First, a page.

>

                                                Again, I must vehemently disagree. The entire notion of "gauge theory",
                                                which you _must_ know with your physics background, is due to a stellar
                                                counterexample, Hermann Weyl, whose philosophical erudition overflows from
                                                practically every one of his sentences in his classic "Group Theory and
                                                Quantum Mechanics", which was THE book for working theoretical physicists
                                                in both non-relativistic and relativistic Quantum Mechanics from 1932 when
                                                it was published, to 1948 when Feynman's much simpler scattering wave
                                                approach finally displaced Second Quantization and Hole Theory.

                                                I'll even dare conjecture that if Weyl _had_ become interested in NT TC,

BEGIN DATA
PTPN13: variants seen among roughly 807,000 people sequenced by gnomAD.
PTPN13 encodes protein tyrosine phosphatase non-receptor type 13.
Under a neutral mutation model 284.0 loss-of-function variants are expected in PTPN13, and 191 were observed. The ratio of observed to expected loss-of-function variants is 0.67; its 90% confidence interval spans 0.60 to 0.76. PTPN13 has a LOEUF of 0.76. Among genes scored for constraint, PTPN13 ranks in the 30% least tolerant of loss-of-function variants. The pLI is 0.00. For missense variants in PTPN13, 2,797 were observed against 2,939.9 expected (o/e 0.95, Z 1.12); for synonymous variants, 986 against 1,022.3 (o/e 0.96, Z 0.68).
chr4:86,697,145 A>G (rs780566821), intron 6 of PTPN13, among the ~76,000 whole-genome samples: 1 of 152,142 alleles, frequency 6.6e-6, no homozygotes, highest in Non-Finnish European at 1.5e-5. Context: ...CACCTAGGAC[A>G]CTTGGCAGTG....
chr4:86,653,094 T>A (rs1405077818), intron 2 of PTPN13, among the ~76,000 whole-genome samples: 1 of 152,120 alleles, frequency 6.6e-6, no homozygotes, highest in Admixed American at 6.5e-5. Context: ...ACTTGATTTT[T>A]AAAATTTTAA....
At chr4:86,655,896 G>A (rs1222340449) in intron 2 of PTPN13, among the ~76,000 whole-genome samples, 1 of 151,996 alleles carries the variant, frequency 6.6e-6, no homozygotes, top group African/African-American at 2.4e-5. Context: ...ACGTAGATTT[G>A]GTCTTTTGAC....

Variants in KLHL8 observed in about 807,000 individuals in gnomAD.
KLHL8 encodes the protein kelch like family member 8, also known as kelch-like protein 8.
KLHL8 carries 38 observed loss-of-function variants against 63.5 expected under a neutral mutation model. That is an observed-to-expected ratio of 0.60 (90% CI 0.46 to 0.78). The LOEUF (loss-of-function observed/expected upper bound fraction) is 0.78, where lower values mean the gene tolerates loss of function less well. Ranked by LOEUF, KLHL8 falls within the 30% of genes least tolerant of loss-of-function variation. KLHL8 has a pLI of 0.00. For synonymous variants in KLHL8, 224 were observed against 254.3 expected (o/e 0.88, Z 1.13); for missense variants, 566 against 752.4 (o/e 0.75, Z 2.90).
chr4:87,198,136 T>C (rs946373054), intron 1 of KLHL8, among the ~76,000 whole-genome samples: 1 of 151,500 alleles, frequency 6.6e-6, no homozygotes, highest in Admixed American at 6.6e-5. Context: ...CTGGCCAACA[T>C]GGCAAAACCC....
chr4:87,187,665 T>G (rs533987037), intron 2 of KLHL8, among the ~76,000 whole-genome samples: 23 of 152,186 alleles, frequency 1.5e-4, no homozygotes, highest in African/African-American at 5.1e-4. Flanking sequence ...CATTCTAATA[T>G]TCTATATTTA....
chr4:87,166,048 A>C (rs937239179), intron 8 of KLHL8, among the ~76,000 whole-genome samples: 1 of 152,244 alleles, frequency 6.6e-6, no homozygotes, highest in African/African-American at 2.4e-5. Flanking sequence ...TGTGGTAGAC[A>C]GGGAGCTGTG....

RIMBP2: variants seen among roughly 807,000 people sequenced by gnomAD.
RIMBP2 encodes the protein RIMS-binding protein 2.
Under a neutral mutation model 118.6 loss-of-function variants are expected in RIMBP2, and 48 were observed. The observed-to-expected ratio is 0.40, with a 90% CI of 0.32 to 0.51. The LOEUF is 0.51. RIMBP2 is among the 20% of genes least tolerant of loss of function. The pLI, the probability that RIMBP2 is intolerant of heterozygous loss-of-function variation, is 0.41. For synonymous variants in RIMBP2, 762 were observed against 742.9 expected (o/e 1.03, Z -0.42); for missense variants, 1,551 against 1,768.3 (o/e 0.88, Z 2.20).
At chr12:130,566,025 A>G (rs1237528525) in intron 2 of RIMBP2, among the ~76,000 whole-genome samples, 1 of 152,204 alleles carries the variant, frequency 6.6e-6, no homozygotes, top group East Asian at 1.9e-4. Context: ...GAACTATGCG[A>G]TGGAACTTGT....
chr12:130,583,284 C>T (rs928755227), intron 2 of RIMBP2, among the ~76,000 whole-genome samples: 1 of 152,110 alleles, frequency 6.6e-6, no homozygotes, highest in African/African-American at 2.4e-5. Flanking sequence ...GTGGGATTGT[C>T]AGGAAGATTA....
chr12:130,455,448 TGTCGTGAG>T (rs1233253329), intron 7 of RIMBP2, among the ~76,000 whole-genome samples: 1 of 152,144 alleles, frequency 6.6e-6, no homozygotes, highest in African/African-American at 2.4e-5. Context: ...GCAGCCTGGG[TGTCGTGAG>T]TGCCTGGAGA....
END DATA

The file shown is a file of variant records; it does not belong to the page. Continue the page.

he would not persist in trying to apply the methods of the experimental
                                                physical sciences to philology!

                                                Nor was Weyl alone (among great physicists) in having such a thorough
                                                classical education. Bohr and Schroedinger also had excellent humanities
                                                backgrounds before specializing in physics. A little biographical
                                                research on the other leading lights of quantum mechanics would surely
                                                show that many others had such a background, since that was the _norm_ in
                                                Europe before the War. Of course this background included philosophy.